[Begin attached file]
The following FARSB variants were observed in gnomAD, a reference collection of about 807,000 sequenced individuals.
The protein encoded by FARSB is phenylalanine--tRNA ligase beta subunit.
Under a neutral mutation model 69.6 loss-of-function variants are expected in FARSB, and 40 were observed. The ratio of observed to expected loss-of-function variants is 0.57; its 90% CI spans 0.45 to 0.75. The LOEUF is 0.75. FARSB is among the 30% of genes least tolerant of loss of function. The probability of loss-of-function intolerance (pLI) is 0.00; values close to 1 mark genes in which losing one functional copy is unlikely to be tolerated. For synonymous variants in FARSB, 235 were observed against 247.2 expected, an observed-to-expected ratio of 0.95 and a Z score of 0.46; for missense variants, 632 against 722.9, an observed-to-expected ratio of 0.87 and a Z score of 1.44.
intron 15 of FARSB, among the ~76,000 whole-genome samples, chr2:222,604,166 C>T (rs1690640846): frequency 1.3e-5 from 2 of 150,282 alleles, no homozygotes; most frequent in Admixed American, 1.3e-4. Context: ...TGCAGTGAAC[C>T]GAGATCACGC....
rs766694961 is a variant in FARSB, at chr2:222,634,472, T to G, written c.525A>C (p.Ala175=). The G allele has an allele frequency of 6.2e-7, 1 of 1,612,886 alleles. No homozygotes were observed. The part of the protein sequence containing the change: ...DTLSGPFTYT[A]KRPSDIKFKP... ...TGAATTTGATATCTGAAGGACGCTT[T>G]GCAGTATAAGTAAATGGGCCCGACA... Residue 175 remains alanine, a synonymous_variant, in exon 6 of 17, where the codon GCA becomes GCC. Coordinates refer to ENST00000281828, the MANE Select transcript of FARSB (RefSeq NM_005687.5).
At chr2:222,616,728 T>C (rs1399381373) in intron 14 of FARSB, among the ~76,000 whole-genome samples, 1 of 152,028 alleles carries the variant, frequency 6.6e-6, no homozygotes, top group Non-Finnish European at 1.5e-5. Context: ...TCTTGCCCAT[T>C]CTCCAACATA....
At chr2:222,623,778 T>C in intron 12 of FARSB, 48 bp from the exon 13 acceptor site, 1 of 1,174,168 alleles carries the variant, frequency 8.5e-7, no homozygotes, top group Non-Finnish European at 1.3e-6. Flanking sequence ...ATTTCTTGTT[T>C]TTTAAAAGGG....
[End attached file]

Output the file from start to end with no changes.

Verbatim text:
The following FARSB variants were observed in gnomAD, a reference collection of about 807,000 sequenced individuals.
The protein encoded by FARSB is phenylalanine--tRNA ligase beta subunit.
Under a neutral mutation model 69.6 loss-of-function variants are expected in FARSB, and 40 were observed. The ratio of observed to expected loss-of-function variants is 0.57; its 90% CI spans 0.45 to 0.75. The LOEUF is 0.75. FARSB is among the 30% of genes least tolerant of loss of function. The probability of loss-of-function intolerance (pLI) is 0.00; values close to 1 mark genes in which losing one functional copy is unlikely to be tolerated. For synonymous variants in FARSB, 235 were observed against 247.2 expected, an observed-to-expected ratio of 0.95 and a Z score of 0.46; for missense variants, 632 against 722.9, an observed-to-expected ratio of 0.87 and a Z score of 1.44.
intron 15 of FARSB, among the ~76,000 whole-genome samples, chr2:222,604,166 C>T (rs1690640846): frequency 1.3e-5 from 2 of 150,282 alleles, no homozygotes; most frequent in Admixed American, 1.3e-4. Context: ...TGCAGTGAAC[C>T]GAGATCACGC....
rs766694961 is a variant in FARSB, at chr2:222,634,472, T to G, written c.525A>C (p.Ala175=). The G allele has an allele frequency of 6.2e-7, 1 of 1,612,886 alleles. No homozygotes were observed. The part of the protein sequence containing the change: ...DTLSGPFTYT[A]KRPSDIKFKP... ...TGAATTTGATATCTGAAGGACGCTT[T>G]GCAGTATAAGTAAATGGGCCCGACA... Residue 175 remains alanine, a synonymous_variant, in exon 6 of 17, where the codon GCA becomes GCC. Coordinates refer to ENST00000281828, the MANE Select transcript of FARSB (RefSeq NM_005687.5).
At chr2:222,616,728 T>C (rs1399381373) in intron 14 of FARSB, among the ~76,000 whole-genome samples, 1 of 152,028 alleles carries the variant, frequency 6.6e-6, no homozygotes, top group Non-Finnish European at 1.5e-5. Context: ...TCTTGCCCAT[T>C]CTCCAACATA....
At chr2:222,623,778 T>C in intron 12 of FARSB, 48 bp from the exon 13 acceptor site, 1 of 1,174,168 alleles carries the variant, frequency 8.5e-7, no homozygotes, top group Non-Finnish European at 1.3e-6. Flanking sequence ...ATTTCTTGTT[T>C]TTTAAAAGGG....